Nuva Spine
Image source: NuVasive.

The medical device field is a tough one, with companies of all sizes competing in a cutthroat market. NuVasive (NASDAQ:NUVA) has chosen to focus on a particularly narrow area, specializing on minimally invasive spinal surgical procedures, and by doing so, it has been able to stand up against larger companies like Stryker (NYSE:SYK) with broader product lines. Coming into its fourth-quarter financial report on Thursday, NuVasive shareholders expected that the company would be able to sustain fairly h healthy growth. NuVasive's actual performance was even stronger, and the medical device maker sees some promising growth ahead for 2016. Let's look more closely at NuVasive's latest report to discover how it did and what's ahead for the company.

NuVasive finishes 2015 healthy
NuVasive's fourth-quarter results gave investors everything they wanted to see. Revenue rose 5.4% to $204.3 million, which was almost exactly what those following the stock had expected from the company. Adjusted net income jumped 38% to $18 million, and that resulted in adjusted earnings of $0.35 per share, topping the consensus forecast by $0.04.

A closer look at NuVasive's numbers shows some good points and bad points in the company's performance. The strong dollar weighed on NuVasive's performance to a limited extent, costing it almost 1.5 percentage points of revenue growth. Gross margins fell by a percentage point from the year-ago quarter, but NuVasive managed to hold growth in its total operating expenses to less than 1%, boosting its adjusted operating margins by 2.4 percentage points.

CEO Greg Lucier was happy about how NuVasive finished the year. "NuVasive continues to gain market share globally," Lucier said, "as well as record operating profit margin expansion for the year." The CEO expects that NuVasive should be able to find multiple avenues toward growth in 2016.

Big news for NuVasive
One growth catalyst came from an announcement today that NuVasive had completed its acquisition of Ellipse Technologies. In exchange for an upfront $380 million cash payment and potential milestone payments of $30 million next year, NuVasive will get the benefit of Ellipse's magnetic growing rod technology, which has seen favorable adoption rates in the orthopedic and pediatric deformity arenas. The move therefore diversifies NuVasive's business beyond its previous concentration on adult spinal conditions, and the company expects the deal to be accretive to earnings in 2016.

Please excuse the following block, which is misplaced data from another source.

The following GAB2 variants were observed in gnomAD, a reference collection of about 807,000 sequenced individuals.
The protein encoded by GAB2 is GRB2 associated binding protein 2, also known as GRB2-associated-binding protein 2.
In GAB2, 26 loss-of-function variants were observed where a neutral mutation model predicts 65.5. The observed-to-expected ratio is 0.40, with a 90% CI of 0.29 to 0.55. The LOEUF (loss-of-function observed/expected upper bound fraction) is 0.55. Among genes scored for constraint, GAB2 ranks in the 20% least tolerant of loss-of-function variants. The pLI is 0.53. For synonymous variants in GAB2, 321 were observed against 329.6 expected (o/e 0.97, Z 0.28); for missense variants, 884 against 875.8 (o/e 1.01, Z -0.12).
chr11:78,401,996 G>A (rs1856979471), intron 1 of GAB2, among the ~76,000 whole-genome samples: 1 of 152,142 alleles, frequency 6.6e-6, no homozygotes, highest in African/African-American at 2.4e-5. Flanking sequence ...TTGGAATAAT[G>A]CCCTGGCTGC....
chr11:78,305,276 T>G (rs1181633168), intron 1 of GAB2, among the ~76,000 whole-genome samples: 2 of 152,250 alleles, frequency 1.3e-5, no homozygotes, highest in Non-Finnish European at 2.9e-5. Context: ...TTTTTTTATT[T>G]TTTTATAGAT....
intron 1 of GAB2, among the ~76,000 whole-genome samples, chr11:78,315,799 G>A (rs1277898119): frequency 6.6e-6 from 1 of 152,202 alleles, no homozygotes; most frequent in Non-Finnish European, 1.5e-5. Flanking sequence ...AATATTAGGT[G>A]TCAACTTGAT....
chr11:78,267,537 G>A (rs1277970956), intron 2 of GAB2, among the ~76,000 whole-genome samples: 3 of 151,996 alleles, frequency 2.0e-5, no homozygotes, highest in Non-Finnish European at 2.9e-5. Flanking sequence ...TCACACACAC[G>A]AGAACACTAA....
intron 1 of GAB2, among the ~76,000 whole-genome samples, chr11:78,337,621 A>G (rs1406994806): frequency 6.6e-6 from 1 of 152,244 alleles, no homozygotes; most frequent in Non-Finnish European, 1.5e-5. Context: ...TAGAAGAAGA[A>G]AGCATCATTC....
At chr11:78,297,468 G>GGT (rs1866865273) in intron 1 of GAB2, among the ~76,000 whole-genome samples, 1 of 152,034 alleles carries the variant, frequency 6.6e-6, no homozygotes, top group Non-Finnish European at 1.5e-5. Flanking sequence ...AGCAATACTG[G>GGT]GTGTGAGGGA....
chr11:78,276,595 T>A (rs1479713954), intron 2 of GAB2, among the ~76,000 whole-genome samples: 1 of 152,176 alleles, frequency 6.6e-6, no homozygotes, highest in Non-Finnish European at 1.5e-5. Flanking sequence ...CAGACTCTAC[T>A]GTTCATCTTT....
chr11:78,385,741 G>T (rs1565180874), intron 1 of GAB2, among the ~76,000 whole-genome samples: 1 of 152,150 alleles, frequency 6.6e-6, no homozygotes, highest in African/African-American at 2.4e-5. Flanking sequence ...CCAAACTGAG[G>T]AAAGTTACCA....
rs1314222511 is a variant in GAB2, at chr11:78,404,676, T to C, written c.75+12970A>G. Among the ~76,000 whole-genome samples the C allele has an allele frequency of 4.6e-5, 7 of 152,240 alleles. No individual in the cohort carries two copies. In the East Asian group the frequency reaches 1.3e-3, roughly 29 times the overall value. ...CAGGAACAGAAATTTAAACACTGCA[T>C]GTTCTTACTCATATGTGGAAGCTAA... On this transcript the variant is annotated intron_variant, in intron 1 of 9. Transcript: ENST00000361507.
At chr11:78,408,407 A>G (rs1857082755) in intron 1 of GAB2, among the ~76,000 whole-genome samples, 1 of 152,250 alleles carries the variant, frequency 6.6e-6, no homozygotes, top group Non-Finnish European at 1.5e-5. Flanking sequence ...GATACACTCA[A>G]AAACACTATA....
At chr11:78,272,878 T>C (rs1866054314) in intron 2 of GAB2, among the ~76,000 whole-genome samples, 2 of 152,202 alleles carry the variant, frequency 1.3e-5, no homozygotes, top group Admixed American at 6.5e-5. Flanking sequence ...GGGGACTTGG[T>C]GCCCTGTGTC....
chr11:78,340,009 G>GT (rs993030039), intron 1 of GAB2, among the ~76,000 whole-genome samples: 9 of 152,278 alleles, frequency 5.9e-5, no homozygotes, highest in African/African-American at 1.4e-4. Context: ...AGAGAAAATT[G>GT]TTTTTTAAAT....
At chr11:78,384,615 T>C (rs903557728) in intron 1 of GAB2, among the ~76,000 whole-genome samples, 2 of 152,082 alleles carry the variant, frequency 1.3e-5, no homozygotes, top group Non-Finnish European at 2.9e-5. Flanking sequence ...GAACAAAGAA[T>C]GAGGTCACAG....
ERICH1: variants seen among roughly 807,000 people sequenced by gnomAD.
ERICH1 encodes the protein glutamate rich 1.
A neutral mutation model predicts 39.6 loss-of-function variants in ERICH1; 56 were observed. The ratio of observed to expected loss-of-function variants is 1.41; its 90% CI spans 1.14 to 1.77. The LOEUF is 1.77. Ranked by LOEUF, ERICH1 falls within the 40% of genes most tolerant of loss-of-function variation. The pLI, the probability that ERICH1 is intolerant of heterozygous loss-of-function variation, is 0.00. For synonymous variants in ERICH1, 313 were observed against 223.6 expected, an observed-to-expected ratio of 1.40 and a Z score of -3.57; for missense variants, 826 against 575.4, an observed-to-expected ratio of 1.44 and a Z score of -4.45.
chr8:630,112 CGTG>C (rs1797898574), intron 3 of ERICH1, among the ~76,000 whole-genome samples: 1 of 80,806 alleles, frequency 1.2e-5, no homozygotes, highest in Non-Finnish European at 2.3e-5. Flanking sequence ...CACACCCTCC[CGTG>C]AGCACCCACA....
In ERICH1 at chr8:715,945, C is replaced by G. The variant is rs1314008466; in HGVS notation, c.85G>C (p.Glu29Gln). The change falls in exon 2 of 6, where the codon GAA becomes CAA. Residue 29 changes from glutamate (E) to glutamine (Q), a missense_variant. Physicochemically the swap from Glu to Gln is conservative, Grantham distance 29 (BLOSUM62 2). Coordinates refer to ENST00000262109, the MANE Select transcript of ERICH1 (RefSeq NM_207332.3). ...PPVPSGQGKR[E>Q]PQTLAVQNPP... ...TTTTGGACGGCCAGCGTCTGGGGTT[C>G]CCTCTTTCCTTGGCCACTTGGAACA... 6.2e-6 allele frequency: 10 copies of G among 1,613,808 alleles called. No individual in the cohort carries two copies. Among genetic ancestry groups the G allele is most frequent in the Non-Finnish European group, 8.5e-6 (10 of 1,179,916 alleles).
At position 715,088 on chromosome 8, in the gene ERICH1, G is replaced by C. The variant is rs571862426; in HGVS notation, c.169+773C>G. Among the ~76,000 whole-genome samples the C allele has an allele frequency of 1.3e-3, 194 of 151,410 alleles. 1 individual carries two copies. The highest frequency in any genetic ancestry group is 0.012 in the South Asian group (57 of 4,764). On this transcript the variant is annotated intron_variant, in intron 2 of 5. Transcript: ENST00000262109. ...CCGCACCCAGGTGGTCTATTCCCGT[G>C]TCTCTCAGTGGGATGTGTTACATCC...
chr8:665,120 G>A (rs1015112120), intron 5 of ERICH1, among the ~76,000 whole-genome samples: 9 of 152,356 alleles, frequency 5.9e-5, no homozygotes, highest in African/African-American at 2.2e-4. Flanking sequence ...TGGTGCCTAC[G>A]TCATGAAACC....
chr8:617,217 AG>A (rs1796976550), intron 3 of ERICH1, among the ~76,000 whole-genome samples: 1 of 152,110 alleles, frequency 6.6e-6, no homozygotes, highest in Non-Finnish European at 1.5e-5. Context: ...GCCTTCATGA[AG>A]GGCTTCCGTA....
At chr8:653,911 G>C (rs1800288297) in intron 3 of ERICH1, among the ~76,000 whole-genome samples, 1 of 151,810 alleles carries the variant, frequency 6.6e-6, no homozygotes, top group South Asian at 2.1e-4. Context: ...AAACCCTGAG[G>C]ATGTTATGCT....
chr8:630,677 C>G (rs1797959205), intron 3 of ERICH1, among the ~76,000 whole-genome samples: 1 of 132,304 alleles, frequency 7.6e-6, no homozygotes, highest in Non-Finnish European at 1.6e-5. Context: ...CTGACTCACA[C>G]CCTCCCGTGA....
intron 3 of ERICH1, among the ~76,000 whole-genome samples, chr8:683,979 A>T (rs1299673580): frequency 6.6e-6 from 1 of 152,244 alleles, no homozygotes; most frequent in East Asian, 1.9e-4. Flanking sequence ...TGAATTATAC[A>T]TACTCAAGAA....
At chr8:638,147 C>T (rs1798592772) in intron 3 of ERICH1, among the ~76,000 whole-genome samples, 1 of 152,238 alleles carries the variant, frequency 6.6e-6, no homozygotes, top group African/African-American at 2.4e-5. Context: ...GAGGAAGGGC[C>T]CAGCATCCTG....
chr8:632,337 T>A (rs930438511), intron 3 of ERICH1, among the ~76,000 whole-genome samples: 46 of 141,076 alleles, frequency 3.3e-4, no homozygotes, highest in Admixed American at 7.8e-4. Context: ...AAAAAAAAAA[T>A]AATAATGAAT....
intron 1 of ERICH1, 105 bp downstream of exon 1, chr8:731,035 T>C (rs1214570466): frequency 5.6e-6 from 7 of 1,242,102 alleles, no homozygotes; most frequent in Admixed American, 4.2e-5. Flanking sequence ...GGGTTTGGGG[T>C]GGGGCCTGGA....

Yet NuVasive might not be done with acquisitions despite the big payout it just made. As Lucier said, "Very selectively, we also intend to explore compelling inorganic opportunities that add value," giving Ellipse as just an example of what NuVasive might look for in 2016.

NuVasive's guidance for 2016 was favorable. On the revenue front, NuVasive now expects sales of about $923 million. That's quite a bit higher than the $881 million that most investors were expecting, but the higher number includes $53 million in expected sales from Ellipse, so the question is whether investors had already built the previously announced acquisition into their models. Guidance for adjusted earnings of $1.48 per share is a penny below the consensus forecast among investors but still represents growth of about 13%.

NuVasive's acquisition strategy is consistent with what others in the field are doing. Earlier in the week, Stryker said that it would purchase assets from Synergetics USA related to its neuro product portfolio. A Stryker executive said that the move is "highly complementary to Stryker Instruments' Neuro Spine & ENT business and is aligned with [its] strategy of expanding its neurosurgical product offering." As consolidation hits the industry further, NuVasive should work to keep up its strength in its specialty while also looking to broaden its scope.

NuVasive shares didn't move in after-hours trading following the announcement, but in general, the company appears to be following a sound strategy toward growth in 2016. Even with big rivals like Stryker to go up against, NuVasive has done a good job thus far of building itself up and has opportunities to continue to do so this year and beyond.

Dan Caplinger has no position in any stocks mentioned. The Motley Fool recommends NuVasive. Try any of our Foolish newsletter services free for 30 days. We Fools may not all hold the same opinions, but we all believe that considering a diverse range of insights makes us better investors. The Motley Fool has a disclosure policy.